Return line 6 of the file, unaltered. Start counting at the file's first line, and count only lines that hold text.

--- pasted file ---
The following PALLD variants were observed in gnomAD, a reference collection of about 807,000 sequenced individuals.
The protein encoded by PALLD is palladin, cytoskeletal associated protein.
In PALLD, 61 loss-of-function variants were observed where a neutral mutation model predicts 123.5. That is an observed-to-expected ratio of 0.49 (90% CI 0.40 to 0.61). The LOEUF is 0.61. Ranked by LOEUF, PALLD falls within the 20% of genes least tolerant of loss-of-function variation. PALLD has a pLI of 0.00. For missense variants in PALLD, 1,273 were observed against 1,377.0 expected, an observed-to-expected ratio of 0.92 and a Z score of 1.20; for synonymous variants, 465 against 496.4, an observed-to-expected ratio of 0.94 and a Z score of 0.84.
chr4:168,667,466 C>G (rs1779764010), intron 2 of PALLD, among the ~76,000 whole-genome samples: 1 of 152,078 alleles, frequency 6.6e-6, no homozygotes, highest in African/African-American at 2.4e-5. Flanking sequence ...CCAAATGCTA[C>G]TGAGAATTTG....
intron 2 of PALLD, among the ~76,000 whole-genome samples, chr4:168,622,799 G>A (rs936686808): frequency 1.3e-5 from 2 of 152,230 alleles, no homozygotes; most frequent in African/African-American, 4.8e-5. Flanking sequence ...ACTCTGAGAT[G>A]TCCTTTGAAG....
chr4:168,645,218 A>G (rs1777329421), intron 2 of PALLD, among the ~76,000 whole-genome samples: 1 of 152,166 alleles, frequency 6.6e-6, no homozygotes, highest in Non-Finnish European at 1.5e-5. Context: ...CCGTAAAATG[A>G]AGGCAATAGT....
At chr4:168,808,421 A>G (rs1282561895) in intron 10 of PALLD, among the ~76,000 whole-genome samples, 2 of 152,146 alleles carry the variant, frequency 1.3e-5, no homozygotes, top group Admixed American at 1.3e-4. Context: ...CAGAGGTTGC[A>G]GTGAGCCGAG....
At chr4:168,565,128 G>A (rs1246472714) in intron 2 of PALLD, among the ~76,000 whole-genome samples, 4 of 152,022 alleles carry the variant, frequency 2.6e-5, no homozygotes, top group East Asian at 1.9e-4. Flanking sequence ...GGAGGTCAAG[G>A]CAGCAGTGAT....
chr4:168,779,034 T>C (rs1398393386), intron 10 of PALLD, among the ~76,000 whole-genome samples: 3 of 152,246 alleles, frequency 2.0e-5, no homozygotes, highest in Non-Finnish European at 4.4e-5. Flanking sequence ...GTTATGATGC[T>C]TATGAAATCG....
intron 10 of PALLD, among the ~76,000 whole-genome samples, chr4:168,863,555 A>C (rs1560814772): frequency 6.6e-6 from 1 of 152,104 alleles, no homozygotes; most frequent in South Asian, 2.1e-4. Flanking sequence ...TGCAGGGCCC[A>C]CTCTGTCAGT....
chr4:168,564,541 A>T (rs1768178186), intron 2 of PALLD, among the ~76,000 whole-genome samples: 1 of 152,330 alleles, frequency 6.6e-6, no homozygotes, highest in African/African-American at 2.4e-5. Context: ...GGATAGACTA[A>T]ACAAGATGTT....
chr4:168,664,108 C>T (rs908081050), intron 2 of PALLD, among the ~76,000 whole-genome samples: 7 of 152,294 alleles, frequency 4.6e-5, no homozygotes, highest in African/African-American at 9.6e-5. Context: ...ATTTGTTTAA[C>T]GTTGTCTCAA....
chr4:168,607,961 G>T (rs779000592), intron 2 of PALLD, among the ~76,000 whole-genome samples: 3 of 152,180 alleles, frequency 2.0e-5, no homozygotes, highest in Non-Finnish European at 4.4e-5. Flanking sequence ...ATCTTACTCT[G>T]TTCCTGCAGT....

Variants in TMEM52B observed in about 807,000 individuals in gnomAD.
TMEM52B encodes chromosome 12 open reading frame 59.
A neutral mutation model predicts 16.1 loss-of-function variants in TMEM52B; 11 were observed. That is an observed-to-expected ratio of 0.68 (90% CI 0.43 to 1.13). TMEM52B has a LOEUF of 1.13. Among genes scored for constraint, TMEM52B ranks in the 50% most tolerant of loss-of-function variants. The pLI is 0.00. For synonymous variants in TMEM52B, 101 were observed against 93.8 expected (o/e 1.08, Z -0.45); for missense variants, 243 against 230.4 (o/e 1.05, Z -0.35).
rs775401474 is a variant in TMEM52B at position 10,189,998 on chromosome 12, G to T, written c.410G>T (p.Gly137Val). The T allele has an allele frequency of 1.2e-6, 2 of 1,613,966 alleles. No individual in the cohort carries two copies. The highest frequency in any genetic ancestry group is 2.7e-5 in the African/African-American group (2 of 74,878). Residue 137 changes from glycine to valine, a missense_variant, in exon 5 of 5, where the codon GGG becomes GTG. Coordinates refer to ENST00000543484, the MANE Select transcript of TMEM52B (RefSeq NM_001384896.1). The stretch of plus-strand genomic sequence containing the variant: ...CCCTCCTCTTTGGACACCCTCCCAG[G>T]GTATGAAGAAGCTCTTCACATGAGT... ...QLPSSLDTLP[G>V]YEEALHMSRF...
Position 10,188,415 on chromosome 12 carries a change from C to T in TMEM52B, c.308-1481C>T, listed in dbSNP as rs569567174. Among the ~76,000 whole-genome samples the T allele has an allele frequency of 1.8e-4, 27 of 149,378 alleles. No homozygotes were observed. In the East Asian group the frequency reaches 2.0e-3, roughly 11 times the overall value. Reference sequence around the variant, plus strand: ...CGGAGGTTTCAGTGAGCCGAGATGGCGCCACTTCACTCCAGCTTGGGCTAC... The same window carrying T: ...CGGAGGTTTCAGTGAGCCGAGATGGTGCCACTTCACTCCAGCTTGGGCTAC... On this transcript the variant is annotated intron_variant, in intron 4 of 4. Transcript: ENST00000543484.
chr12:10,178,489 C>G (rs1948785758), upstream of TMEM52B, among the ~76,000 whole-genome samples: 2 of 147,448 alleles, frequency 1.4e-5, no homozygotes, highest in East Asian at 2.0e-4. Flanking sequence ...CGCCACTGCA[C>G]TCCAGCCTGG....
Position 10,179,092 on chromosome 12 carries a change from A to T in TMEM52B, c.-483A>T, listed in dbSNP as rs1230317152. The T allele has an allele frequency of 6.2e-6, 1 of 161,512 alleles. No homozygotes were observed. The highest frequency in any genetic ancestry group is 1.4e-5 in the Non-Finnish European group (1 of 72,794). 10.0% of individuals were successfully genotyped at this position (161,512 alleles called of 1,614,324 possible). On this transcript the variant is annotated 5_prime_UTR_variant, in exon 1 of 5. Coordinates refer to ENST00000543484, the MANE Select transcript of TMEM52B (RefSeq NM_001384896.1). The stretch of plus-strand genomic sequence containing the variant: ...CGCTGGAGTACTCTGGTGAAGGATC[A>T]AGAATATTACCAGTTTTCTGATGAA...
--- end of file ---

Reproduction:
chr4:168,645,218 A>G (rs1777329421), intron 2 of PALLD, among the ~76,000 whole-genome samples: 1 of 152,166 alleles, frequency 6.6e-6, no homozygotes, highest in Non-Finnish European at 1.5e-5. Context: ...CCGTAAAATG[A>G]AGGCAATAGT....